A wise man once told me that entropy is inevitable, a feat that is currently happening, and will only pick up pace. The truth is around us, televisions are getting smaller, phones are getting smaller, microchips are getting smaller…everything man-made technology-wise is getting smaller. This is a simple concept to grasp, for it is to increase efficiency and customer satisfaction, but the issues it throws up are massive (pardon the pun).
We all love the latest smartphones, ones that are gradually getting thinner and lighter, and ones that are record-breaking in their size and record-breaking in their capabilities. To succeed with such a task creates a lot more energy than you think. The whole idea behind ‘entropy’ and thermodynamics is that to create something smaller, you must use more. This is where the issue lies; what happens when all our resources are gone? Can we rely upon solar energy to solve all the electrical issues in the world? No. The world’s largest solar panel farm only produces 0.001% of the world’s largest nuclear energy plant. It would take just under one hundred billion Waldpolenz Solar Parks to produce the same energy as only one Darlington Power Station. The capability just isn’t available at the moment. Click here for figures above.
This is where we must either A) rethink our idea towards entropy, and focus on larger designs that still produce as well, but are just more energy efficient or B) find a new alternate energy source, one that will provide our energy-needs for the future. There will be a point in time when energy plants are replaced with other sources; skyscrapers of solar panels, continents of wind turbines, or mass hydroelectric plants out at sea. Either way, our energy use is leading to the end of fossil fuel faster than we care to realise.
Now, I am no environmentalist, nor do I care much about the effects of global warming, but others do. To create the smallest microchip available, the energy used is the equivalent of almost 100x its size. To create a smartphone, the energy required has now surpassed the equivalent of 900x its size. To put figuratively, if we could represent size as a Joule (J), then let a microchip be 10 J. It would take 1000 J to produce. If a phone is 100 J, then it would require 9000 J to produce. That is a high energy output to produce in comparison to the number of IPhones made in a year; 7.2 billion J would be produced in return of an input of 64,800,000,000 J. Note, these J figures are made up, but the scale of J Input : Output ratio is the same.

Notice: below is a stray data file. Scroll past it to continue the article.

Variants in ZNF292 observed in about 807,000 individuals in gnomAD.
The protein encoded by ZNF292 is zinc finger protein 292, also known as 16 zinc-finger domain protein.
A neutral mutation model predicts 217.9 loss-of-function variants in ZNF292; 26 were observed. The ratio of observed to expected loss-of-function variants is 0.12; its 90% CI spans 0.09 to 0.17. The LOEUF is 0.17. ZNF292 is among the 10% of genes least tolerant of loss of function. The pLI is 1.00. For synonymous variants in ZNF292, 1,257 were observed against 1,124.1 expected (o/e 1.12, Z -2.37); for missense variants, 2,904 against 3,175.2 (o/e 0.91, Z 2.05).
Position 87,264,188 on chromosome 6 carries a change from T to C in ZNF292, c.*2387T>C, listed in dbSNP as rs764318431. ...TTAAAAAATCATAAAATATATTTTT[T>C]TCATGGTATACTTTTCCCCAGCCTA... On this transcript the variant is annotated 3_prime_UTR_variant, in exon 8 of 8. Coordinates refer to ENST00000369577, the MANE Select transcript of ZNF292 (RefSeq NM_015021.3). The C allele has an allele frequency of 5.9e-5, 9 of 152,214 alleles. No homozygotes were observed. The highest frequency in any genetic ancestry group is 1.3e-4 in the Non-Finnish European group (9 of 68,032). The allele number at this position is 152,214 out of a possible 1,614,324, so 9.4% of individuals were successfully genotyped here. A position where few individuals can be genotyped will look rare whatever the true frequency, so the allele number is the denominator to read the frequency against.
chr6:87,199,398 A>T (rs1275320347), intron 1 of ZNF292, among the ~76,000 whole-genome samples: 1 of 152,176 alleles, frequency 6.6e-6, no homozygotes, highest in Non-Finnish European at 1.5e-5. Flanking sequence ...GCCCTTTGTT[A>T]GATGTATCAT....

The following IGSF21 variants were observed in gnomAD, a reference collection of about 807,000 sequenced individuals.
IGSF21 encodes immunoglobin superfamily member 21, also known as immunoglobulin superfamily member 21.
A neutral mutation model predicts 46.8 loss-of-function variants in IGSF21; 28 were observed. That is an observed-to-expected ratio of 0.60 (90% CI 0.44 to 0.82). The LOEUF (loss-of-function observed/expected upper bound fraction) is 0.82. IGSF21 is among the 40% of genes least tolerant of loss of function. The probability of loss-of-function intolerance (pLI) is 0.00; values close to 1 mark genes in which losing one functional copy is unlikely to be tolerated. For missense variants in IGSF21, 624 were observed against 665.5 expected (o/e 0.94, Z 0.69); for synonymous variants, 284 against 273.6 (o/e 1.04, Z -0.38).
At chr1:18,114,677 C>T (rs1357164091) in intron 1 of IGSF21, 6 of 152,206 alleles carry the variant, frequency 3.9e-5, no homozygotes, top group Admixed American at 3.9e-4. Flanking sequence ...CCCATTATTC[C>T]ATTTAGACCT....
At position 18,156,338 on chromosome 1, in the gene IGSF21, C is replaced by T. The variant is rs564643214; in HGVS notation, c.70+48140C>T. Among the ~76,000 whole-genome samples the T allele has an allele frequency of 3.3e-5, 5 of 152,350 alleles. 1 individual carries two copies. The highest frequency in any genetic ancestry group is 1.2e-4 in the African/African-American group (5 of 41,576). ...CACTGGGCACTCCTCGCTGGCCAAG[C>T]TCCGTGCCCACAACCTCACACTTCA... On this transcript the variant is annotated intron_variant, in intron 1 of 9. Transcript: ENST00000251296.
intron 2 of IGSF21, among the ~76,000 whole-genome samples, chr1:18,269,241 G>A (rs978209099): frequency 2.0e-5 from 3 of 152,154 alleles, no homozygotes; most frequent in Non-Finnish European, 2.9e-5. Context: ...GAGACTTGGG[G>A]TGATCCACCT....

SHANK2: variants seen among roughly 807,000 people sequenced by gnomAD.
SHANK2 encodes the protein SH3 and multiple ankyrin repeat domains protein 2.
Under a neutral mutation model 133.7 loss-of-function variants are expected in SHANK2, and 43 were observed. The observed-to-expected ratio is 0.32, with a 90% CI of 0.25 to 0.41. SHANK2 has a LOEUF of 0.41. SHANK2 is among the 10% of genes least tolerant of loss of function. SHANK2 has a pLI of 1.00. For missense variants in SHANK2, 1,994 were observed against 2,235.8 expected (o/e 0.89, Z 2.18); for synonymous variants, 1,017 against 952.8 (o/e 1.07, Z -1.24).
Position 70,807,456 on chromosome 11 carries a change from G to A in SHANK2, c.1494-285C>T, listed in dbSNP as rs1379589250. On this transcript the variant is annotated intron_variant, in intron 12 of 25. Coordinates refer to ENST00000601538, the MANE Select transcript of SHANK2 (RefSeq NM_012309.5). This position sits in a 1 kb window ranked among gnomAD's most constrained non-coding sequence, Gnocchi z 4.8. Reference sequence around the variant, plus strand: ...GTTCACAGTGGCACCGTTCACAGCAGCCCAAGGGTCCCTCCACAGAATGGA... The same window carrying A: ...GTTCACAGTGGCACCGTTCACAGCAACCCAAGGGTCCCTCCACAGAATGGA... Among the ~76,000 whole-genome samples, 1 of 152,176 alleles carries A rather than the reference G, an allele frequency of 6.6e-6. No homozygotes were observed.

Now the ethical argument; why are we doing this? If the energy input is so high, why do we keep producing? It’s quite a complex theology behind the situation, but it comes down to our psychology, specifically our desire for better things. Typically, as we grow up, things have gotten better around us; cars are faster and smaller, televisions are thinner than ever, biomedical science is achieving wondrous feats and our phones are getting smaller. We are accustomed to change. We are also accustomed to trends; over time, phones have ONLY gotten smaller. Over time, cars have ONLY gotten faster. Over time, we have become greedier. Our dependence on entropy has sky-rocketed.
My view? I don’t care. It may seem pretentious of me to say, but I really don’t care for many reasons. Firstly, I encourage the search for better energy sources, ones that produce the same energy as nuclear power but are much cleaner. I welcome things become smaller, faster, and easier to use. I eagerly await the time when technology is as seamless and integrated as our own beings. Global warming is scientifically inevitable anyway, so rather than ‘preventing’ a speeding bullet, we should adapt. Who knows, perhaps the next smallest device could be a world changer and a life saver. I do not look down upon entropy, I endorse it and I live within it. Perhaps in the future we will be “back in black”, but for this generation, and for generations to come, the light has never shone brighter.
-Benjamin John Wareing